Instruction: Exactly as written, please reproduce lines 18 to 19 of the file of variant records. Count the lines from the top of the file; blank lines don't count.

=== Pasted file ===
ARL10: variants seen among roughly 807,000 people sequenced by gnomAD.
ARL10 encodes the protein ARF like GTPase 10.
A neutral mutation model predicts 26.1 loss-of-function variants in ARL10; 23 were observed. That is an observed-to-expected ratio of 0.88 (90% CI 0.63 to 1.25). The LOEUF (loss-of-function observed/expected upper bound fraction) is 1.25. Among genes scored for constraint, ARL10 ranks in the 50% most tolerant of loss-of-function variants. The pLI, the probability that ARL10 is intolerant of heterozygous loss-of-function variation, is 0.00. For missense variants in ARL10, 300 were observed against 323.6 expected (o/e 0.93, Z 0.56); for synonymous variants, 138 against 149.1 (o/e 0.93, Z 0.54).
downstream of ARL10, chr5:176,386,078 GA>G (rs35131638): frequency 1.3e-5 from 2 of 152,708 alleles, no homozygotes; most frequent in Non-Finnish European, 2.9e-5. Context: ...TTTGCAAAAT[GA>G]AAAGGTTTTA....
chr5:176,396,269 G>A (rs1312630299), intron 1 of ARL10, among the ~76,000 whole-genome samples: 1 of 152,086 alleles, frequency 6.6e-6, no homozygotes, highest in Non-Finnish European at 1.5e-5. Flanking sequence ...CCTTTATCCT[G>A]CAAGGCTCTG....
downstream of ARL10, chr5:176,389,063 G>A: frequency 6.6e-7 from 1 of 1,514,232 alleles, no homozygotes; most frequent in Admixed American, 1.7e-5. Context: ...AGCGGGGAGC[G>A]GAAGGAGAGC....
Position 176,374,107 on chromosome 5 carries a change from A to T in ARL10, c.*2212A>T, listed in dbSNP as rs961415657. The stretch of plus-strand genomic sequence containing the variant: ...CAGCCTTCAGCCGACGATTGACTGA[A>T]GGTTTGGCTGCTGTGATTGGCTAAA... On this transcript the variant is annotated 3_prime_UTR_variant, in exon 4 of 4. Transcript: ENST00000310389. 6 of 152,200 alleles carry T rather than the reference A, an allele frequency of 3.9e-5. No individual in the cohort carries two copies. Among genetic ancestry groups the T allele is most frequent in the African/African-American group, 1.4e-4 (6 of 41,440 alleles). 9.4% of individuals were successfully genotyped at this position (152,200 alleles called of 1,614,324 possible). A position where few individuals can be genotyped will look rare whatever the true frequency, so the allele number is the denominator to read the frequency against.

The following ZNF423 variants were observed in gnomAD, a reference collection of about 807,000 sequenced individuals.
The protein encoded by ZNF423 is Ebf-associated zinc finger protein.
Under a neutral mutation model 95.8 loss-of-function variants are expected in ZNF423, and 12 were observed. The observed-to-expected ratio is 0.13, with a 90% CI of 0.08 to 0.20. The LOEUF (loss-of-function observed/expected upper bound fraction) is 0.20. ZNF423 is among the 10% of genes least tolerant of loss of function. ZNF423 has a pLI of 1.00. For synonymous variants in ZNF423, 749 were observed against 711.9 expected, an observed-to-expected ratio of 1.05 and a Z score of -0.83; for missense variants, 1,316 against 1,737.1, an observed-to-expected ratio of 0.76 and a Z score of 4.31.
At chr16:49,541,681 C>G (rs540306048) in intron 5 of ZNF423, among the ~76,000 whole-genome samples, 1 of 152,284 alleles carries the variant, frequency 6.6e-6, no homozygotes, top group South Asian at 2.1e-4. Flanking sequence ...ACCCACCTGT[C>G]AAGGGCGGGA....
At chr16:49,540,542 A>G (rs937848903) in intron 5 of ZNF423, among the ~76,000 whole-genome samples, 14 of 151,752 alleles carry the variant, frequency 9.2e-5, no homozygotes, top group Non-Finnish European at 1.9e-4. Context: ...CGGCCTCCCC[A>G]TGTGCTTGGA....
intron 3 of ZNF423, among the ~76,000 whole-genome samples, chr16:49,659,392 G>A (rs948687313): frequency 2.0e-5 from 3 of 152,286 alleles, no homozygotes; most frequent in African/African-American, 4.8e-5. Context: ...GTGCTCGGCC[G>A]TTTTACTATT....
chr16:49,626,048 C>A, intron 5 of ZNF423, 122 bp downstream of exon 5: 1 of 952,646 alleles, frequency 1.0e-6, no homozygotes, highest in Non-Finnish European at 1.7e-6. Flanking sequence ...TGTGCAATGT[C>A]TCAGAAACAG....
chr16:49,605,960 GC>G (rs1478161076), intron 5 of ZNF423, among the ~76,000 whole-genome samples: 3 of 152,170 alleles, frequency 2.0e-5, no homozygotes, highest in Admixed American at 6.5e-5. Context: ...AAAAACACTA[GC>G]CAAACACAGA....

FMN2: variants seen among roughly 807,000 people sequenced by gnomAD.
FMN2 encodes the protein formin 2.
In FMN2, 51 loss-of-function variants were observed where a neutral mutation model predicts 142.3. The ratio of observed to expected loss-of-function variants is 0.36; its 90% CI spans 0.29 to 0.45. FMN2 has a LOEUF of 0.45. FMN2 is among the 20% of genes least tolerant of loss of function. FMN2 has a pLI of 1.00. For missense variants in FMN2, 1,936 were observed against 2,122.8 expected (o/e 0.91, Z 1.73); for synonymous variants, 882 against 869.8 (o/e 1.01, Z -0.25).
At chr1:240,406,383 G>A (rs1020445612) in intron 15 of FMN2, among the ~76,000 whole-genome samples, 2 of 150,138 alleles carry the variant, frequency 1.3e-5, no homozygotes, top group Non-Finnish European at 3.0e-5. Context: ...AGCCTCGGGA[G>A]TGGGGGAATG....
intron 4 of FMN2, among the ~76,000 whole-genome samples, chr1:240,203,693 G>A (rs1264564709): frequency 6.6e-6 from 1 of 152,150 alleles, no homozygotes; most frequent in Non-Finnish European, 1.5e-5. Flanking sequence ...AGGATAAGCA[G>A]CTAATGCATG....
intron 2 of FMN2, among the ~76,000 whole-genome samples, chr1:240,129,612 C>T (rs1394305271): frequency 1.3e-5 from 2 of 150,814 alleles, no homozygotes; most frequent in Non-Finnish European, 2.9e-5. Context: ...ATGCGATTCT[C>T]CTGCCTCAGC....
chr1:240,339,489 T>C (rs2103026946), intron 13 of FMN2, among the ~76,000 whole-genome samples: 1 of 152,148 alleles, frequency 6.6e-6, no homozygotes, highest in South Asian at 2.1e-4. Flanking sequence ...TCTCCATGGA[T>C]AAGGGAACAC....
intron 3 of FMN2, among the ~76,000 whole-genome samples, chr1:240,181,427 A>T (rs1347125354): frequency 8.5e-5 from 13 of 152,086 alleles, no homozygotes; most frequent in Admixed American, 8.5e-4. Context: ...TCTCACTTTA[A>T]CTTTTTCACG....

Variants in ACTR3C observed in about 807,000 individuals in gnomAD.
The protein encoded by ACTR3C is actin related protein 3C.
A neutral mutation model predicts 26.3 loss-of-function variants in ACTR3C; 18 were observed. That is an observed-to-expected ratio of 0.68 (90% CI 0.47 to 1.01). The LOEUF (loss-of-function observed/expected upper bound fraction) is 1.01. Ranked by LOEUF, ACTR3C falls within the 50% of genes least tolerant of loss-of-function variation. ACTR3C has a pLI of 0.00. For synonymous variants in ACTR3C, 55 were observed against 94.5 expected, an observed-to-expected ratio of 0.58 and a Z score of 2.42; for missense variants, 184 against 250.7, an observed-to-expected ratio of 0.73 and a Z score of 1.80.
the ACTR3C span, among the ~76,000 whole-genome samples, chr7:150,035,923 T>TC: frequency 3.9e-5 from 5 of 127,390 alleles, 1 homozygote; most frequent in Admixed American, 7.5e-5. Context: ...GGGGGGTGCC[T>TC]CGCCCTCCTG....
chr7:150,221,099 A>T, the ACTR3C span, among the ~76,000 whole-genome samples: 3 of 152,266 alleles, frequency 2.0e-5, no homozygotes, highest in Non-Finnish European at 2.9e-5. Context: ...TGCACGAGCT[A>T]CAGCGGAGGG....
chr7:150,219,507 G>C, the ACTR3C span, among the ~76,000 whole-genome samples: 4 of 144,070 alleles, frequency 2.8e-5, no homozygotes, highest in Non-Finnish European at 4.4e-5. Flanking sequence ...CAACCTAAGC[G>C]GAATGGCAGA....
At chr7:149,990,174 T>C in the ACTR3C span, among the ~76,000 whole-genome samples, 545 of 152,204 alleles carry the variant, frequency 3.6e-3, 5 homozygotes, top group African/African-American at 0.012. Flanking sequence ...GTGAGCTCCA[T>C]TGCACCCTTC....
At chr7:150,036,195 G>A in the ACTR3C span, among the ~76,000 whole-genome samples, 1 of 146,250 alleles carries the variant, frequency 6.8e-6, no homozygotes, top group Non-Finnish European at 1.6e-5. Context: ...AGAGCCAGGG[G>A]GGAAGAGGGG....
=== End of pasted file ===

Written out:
In FMN2, 51 loss-of-function variants were observed where a neutral mutation model predicts 142.3. The ratio of observed to expected loss-of-function variants is 0.36; its 90% CI spans 0.29 to 0.45. FMN2 has a LOEUF of 0.45. FMN2 is among the 20% of genes least tolerant of loss of function. FMN2 has a pLI of 1.00. For missense variants in FMN2, 1,936 were observed against 2,122.8 expected (o/e 0.91, Z 1.73); for synonymous variants, 882 against 869.8 (o/e 1.01, Z -0.25).
At chr1:240,406,383 G>A (rs1020445612) in intron 15 of FMN2, among the ~76,000 whole-genome samples, 2 of 150,138 alleles carry the variant, frequency 1.3e-5, no homozygotes, top group Non-Finnish European at 3.0e-5. Context: ...AGCCTCGGGA[G>A]TGGGGGAATG....